The original Gaelic form of Fareager was O Fearchair, derived from the word "fearchar," which means "man deer."
from ancient times.
This web page shows only a small excerpt of our Fareager research.Another 189 words (14 lines of text) are included under the topic Early Fareager History in all our PDF Extended History products and printed products wherever possible.
Many spelling variations
of the surname Fareager can be found in the archives. One reason for these variations is that ancient scribes and church officials recorded names as they were pronounced, often resulting in a single person being recorded under several different spellings. The different spellings that were found include Faragher, Faraugher, Fraher, Farraher and others.
left their homeland in astonishing numbers during the 19th century in search of a better life. Although individual reasons vary, most of these Irish families
suffered from extreme poverty, lack of work opportunities, and exorbitant rents in their homeland. Many decided to travel to Australia
or North America in the hopes of finding greater opportunities and land. The Irish immigrants that came to North America initially settled on the East Coast, often in major centers such as Boston or New York. But like the many other cultures to settle in North America, the Irish traveled to almost any region they felt held greater promise; as a result, many Irish with gold fever moved all the way out to the Pacific coast. Others before that time left for land along the St. Lawrence River and the Niagara Peninsula, or the Maritimes as United Empire Loyalists, for many Irish did choose to side with the English during the American War of Independence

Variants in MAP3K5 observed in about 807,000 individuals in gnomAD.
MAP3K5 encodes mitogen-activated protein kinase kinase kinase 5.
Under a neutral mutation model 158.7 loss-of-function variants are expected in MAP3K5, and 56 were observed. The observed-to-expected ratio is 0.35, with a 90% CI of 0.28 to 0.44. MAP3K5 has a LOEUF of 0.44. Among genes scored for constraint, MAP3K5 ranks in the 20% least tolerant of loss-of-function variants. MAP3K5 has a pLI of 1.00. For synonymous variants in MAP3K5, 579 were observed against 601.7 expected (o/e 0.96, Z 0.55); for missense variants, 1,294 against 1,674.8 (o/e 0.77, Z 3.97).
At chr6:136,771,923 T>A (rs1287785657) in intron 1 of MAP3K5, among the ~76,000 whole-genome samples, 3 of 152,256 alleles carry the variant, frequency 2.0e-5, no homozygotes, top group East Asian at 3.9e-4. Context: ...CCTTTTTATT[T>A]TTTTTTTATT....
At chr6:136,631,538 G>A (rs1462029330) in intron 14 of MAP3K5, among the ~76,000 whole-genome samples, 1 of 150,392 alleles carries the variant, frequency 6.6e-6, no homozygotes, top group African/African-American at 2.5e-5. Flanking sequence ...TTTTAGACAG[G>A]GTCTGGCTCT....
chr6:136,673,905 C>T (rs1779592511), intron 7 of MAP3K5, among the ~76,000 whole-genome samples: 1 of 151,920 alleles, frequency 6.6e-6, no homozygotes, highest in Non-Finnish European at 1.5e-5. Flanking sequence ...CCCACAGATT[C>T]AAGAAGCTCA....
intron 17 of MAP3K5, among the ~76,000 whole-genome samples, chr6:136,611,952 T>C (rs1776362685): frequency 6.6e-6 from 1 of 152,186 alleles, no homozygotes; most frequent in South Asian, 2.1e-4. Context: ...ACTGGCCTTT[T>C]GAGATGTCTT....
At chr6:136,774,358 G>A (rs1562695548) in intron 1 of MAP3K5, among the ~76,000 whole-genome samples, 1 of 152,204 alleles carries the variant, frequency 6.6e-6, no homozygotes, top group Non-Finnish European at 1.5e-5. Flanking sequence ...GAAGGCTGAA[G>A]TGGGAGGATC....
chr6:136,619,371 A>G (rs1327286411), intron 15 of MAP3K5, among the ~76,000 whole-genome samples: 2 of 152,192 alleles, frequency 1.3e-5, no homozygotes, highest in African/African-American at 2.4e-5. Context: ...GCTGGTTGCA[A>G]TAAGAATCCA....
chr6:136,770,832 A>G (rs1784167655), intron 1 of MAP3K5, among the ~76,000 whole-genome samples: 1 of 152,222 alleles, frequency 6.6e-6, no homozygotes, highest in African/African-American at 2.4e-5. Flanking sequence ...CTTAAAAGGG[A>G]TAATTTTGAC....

. The earliest wave of Irish migration, however, occurred during the Great Potato Famine
of the 1840s. An examination of early immigration and passenger lists has revealed many people bearing the Fareager name: Patrick Faragher who settled in Philadelphia in 1880; John Farrahoe settled in Virginia in 1625.